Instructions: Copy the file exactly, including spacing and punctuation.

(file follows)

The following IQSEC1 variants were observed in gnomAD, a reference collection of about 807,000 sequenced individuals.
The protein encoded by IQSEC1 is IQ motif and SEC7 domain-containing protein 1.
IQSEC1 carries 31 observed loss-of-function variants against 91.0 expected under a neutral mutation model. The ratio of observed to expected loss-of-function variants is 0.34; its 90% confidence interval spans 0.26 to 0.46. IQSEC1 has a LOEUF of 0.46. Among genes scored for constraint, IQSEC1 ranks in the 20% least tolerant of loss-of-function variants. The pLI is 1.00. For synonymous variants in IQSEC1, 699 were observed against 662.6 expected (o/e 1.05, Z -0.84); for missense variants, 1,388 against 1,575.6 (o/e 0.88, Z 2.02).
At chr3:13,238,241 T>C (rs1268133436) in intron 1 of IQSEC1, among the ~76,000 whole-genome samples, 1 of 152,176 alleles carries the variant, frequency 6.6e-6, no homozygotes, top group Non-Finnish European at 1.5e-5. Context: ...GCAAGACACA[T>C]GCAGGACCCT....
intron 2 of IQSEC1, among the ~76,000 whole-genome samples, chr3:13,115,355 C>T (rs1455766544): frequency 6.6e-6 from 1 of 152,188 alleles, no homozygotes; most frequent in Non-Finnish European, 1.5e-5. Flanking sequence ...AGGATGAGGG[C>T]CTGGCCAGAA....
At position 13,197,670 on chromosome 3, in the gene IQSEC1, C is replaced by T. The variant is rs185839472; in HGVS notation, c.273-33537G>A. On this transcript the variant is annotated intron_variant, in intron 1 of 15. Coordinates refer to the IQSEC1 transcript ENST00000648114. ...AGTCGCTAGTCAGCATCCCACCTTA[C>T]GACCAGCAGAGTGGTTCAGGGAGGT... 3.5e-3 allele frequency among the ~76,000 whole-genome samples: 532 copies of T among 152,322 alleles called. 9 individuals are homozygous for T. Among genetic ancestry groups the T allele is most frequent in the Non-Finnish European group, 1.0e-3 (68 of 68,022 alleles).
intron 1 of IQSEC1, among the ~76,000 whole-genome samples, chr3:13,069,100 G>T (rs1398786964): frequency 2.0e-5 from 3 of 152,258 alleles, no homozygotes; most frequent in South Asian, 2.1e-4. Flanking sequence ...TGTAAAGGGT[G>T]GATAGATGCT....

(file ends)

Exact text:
The following IQSEC1 variants were observed in gnomAD, a reference collection of about 807,000 sequenced individuals.
The protein encoded by IQSEC1 is IQ motif and SEC7 domain-containing protein 1.
IQSEC1 carries 31 observed loss-of-function variants against 91.0 expected under a neutral mutation model. The ratio of observed to expected loss-of-function variants is 0.34; its 90% confidence interval spans 0.26 to 0.46. IQSEC1 has a LOEUF of 0.46. Among genes scored for constraint, IQSEC1 ranks in the 20% least tolerant of loss-of-function variants. The pLI is 1.00. For synonymous variants in IQSEC1, 699 were observed against 662.6 expected (o/e 1.05, Z -0.84); for missense variants, 1,388 against 1,575.6 (o/e 0.88, Z 2.02).
At chr3:13,238,241 T>C (rs1268133436) in intron 1 of IQSEC1, among the ~76,000 whole-genome samples, 1 of 152,176 alleles carries the variant, frequency 6.6e-6, no homozygotes, top group Non-Finnish European at 1.5e-5. Context: ...GCAAGACACA[T>C]GCAGGACCCT....
intron 2 of IQSEC1, among the ~76,000 whole-genome samples, chr3:13,115,355 C>T (rs1455766544): frequency 6.6e-6 from 1 of 152,188 alleles, no homozygotes; most frequent in Non-Finnish European, 1.5e-5. Flanking sequence ...AGGATGAGGG[C>T]CTGGCCAGAA....
At position 13,197,670 on chromosome 3, in the gene IQSEC1, C is replaced by T. The variant is rs185839472; in HGVS notation, c.273-33537G>A. On this transcript the variant is annotated intron_variant, in intron 1 of 15. Coordinates refer to the IQSEC1 transcript ENST00000648114. ...AGTCGCTAGTCAGCATCCCACCTTA[C>T]GACCAGCAGAGTGGTTCAGGGAGGT... 3.5e-3 allele frequency among the ~76,000 whole-genome samples: 532 copies of T among 152,322 alleles called. 9 individuals are homozygous for T. Among genetic ancestry groups the T allele is most frequent in the Non-Finnish European group, 1.0e-3 (68 of 68,022 alleles).
intron 1 of IQSEC1, among the ~76,000 whole-genome samples, chr3:13,069,100 G>T (rs1398786964): frequency 2.0e-5 from 3 of 152,258 alleles, no homozygotes; most frequent in South Asian, 2.1e-4. Flanking sequence ...TGTAAAGGGT[G>T]GATAGATGCT....